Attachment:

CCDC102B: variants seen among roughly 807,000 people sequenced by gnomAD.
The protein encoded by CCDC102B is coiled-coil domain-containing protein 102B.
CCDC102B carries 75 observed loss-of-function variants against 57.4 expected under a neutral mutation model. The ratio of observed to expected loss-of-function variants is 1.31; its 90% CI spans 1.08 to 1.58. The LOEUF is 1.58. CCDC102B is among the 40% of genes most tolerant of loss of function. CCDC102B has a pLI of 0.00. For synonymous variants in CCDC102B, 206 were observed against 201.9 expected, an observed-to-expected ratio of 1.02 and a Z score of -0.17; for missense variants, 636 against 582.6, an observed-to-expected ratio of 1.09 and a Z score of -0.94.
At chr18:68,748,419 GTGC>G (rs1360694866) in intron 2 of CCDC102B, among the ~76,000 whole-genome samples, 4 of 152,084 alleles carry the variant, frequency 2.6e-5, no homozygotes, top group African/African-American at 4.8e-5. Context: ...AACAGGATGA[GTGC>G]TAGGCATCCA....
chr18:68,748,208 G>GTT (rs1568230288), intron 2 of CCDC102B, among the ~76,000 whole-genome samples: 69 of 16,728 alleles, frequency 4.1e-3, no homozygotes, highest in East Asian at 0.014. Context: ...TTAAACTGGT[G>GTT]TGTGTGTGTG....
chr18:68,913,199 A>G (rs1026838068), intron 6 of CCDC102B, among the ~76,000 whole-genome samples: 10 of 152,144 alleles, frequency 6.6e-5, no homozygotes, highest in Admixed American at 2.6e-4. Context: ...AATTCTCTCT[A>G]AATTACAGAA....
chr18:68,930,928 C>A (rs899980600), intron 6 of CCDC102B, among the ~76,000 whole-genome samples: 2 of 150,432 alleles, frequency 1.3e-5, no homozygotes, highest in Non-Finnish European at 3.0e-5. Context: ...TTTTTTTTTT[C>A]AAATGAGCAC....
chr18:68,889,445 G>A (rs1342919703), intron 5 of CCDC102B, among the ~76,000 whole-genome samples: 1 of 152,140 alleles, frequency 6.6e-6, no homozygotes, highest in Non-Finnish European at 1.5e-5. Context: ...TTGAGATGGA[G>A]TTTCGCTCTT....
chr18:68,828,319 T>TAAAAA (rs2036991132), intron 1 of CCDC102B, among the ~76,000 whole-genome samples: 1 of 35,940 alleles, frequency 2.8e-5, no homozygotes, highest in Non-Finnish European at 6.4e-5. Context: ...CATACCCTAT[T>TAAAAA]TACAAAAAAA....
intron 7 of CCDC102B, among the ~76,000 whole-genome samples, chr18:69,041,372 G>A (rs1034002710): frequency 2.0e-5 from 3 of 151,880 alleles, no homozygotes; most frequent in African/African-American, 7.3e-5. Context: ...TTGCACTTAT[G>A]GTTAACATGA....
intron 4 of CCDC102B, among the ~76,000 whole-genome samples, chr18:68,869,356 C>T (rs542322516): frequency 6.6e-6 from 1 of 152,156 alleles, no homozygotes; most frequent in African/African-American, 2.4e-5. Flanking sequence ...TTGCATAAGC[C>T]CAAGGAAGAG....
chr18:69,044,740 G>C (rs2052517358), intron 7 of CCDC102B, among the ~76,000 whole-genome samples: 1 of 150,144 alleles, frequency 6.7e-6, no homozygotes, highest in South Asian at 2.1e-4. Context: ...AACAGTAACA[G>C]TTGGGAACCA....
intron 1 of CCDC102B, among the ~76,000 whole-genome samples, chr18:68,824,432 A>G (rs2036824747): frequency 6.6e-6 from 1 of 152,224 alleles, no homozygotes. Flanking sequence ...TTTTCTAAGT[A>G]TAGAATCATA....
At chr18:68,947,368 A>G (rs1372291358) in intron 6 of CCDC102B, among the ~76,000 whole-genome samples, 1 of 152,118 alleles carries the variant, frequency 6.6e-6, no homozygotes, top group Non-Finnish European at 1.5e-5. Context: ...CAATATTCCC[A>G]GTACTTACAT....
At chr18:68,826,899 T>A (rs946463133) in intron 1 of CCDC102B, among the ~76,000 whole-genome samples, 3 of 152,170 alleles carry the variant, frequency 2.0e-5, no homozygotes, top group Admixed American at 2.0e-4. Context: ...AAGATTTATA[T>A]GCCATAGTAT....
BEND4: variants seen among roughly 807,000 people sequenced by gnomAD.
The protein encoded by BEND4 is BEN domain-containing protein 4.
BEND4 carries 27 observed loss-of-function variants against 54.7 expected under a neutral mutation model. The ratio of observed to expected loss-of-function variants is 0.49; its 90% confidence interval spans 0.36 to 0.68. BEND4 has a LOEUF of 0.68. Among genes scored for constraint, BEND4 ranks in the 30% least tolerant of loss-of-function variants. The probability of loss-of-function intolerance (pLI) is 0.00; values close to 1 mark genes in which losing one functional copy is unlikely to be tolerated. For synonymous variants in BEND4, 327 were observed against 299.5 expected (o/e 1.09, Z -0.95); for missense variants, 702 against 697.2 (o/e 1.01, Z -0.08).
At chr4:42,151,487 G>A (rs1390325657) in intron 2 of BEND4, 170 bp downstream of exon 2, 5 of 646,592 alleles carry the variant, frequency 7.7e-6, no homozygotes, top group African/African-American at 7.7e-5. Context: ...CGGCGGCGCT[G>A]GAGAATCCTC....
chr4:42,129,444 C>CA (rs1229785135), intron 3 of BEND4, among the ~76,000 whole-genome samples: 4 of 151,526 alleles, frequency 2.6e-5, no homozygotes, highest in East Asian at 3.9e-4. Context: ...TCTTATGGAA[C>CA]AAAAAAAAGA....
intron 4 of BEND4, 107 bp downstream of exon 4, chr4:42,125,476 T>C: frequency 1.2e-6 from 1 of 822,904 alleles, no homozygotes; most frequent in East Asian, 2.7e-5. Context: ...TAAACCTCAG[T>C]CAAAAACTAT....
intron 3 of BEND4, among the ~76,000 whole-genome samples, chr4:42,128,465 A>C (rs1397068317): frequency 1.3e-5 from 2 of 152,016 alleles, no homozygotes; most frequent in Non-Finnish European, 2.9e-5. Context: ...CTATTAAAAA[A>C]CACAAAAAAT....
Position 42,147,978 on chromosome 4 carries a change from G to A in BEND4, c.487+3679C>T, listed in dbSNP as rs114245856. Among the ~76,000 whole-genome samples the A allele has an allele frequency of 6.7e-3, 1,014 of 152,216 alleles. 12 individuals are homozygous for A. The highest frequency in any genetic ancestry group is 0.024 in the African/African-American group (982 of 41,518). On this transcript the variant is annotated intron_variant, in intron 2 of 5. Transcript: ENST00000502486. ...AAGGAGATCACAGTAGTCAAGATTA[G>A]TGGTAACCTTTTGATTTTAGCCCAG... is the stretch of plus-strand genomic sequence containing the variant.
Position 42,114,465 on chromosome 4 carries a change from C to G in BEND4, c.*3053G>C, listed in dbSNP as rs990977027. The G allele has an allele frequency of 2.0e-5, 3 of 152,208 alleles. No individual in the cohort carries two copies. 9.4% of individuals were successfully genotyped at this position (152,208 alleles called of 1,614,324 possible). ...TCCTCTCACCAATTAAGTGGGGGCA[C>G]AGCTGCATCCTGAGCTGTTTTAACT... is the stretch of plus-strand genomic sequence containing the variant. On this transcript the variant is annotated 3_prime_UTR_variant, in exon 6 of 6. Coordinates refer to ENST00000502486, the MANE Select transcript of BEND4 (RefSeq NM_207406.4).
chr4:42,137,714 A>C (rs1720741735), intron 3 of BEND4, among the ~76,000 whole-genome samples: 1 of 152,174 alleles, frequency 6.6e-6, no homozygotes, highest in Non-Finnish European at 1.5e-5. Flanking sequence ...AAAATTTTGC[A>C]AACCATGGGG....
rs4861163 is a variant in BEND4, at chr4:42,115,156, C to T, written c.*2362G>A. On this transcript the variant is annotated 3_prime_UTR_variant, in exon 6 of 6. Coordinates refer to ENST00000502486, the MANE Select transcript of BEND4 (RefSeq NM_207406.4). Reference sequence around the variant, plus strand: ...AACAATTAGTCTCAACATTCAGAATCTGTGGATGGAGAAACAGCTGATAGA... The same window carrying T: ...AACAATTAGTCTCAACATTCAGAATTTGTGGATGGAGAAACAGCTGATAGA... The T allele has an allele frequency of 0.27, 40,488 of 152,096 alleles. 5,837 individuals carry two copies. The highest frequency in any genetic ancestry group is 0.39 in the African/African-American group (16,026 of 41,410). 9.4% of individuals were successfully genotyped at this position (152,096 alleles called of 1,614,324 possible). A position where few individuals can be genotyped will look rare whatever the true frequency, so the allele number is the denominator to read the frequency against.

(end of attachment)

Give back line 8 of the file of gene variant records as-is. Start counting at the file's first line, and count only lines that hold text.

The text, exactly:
chr18:68,889,445 G>A (rs1342919703), intron 5 of CCDC102B, among the ~76,000 whole-genome samples: 1 of 152,140 alleles, frequency 6.6e-6, no homozygotes, highest in Non-Finnish European at 1.5e-5. Context: ...TTGAGATGGA[G>A]TTTCGCTCTT....